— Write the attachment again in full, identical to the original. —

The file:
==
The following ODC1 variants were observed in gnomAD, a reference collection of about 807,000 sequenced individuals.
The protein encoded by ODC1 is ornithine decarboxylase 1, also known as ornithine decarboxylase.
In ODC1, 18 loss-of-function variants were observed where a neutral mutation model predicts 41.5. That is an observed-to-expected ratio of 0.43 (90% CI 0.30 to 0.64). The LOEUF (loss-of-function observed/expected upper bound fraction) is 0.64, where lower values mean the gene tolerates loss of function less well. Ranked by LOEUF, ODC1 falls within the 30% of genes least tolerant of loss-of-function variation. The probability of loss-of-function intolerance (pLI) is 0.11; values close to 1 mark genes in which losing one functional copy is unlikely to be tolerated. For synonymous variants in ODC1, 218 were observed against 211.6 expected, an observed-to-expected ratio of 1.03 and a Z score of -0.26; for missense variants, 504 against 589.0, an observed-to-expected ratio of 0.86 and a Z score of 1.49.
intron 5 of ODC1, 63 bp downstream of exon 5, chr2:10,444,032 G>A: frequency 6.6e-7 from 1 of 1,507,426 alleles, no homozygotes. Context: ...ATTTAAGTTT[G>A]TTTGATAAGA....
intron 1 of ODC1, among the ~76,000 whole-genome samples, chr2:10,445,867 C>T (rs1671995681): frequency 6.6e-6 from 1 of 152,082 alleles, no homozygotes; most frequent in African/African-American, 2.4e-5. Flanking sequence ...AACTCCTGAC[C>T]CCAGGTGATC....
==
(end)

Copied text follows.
The following ODC1 variants were observed in gnomAD, a reference collection of about 807,000 sequenced individuals.
The protein encoded by ODC1 is ornithine decarboxylase 1, also known as ornithine decarboxylase.
In ODC1, 18 loss-of-function variants were observed where a neutral mutation model predicts 41.5. That is an observed-to-expected ratio of 0.43 (90% CI 0.30 to 0.64). The LOEUF (loss-of-function observed/expected upper bound fraction) is 0.64, where lower values mean the gene tolerates loss of function less well. Ranked by LOEUF, ODC1 falls within the 30% of genes least tolerant of loss-of-function variation. The probability of loss-of-function intolerance (pLI) is 0.11; values close to 1 mark genes in which losing one functional copy is unlikely to be tolerated. For synonymous variants in ODC1, 218 were observed against 211.6 expected, an observed-to-expected ratio of 1.03 and a Z score of -0.26; for missense variants, 504 against 589.0, an observed-to-expected ratio of 0.86 and a Z score of 1.49.
intron 5 of ODC1, 63 bp downstream of exon 5, chr2:10,444,032 G>A: frequency 6.6e-7 from 1 of 1,507,426 alleles, no homozygotes. Context: ...ATTTAAGTTT[G>A]TTTGATAAGA....
intron 1 of ODC1, among the ~76,000 whole-genome samples, chr2:10,445,867 C>T (rs1671995681): frequency 6.6e-6 from 1 of 152,082 alleles, no homozygotes; most frequent in African/African-American, 2.4e-5. Flanking sequence ...AACTCCTGAC[C>T]CCAGGTGATC....